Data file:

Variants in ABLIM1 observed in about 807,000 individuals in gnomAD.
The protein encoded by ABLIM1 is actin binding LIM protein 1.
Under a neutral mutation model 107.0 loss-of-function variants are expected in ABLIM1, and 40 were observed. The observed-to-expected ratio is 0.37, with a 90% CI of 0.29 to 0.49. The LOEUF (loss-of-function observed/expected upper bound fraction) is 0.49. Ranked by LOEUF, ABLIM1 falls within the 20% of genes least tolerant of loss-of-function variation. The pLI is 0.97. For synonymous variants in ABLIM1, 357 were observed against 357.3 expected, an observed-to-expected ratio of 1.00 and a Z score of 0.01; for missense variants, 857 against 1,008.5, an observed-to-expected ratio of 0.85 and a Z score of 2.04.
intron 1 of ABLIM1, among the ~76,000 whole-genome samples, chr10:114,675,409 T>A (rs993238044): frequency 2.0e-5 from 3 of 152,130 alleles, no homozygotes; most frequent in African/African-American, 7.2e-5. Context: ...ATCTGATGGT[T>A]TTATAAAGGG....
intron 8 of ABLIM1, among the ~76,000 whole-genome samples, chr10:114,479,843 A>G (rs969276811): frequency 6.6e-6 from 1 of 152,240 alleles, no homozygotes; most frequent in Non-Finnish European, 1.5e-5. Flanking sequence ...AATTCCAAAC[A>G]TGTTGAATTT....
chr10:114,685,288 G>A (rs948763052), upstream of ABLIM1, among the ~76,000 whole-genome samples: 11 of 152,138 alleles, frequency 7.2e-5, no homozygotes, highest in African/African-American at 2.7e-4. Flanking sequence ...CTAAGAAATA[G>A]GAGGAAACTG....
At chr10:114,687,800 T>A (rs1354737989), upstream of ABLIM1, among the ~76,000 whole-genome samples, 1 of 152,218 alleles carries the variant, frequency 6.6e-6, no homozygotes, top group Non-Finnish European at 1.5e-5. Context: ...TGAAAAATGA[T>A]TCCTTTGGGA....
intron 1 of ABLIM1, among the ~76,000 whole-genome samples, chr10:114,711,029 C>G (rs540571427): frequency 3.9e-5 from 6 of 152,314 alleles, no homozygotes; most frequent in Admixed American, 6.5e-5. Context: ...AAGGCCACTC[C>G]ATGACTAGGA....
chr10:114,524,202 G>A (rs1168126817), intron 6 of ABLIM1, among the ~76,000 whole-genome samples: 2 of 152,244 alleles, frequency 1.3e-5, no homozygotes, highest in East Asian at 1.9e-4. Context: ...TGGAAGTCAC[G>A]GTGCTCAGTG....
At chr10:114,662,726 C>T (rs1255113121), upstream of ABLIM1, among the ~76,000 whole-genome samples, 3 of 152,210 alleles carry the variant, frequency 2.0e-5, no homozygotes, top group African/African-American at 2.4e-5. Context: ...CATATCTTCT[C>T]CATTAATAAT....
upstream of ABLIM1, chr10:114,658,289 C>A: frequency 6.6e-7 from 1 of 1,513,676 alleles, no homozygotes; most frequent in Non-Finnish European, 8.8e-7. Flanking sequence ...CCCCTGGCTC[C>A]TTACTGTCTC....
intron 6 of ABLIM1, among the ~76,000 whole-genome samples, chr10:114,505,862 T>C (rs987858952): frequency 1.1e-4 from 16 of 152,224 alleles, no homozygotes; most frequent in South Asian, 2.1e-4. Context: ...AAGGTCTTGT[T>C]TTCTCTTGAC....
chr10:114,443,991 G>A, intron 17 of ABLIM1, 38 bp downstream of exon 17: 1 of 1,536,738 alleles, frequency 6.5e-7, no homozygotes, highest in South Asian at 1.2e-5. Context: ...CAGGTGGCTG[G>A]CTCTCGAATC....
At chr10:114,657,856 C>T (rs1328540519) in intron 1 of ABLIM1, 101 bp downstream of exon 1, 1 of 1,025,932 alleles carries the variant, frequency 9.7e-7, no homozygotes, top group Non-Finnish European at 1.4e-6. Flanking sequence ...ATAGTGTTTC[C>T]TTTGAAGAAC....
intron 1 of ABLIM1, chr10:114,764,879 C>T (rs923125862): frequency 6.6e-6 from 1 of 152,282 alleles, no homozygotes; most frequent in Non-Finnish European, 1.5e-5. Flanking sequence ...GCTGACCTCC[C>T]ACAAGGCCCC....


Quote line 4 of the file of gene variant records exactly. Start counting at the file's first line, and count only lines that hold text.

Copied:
intron 1 of ABLIM1, among the ~76,000 whole-genome samples, chr10:114,675,409 T>A (rs993238044): frequency 2.0e-5 from 3 of 152,130 alleles, no homozygotes; most frequent in African/African-American, 7.2e-5. Context: ...ATCTGATGGT[T>A]TTATAAAGGG....